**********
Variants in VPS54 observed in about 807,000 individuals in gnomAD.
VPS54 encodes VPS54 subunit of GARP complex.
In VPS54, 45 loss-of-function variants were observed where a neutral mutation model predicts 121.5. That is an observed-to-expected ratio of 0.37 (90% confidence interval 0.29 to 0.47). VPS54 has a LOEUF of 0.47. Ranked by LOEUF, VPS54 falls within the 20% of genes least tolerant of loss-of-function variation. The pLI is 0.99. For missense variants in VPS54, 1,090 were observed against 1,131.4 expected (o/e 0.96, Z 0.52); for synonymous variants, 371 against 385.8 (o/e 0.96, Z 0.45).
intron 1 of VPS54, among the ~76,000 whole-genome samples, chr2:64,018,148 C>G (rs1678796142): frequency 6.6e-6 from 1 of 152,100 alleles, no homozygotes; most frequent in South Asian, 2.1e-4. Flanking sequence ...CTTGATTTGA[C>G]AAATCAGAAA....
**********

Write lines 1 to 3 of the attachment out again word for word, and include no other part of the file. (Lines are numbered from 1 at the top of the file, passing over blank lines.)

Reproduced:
Variants in VPS54 observed in about 807,000 individuals in gnomAD.
VPS54 encodes VPS54 subunit of GARP complex.
In VPS54, 45 loss-of-function variants were observed where a neutral mutation model predicts 121.5. That is an observed-to-expected ratio of 0.37 (90% confidence interval 0.29 to 0.47). VPS54 has a LOEUF of 0.47. Ranked by LOEUF, VPS54 falls within the 20% of genes least tolerant of loss-of-function variation. The pLI is 0.99. For missense variants in VPS54, 1,090 were observed against 1,131.4 expected (o/e 0.96, Z 0.52); for synonymous variants, 371 against 385.8 (o/e 0.96, Z 0.45).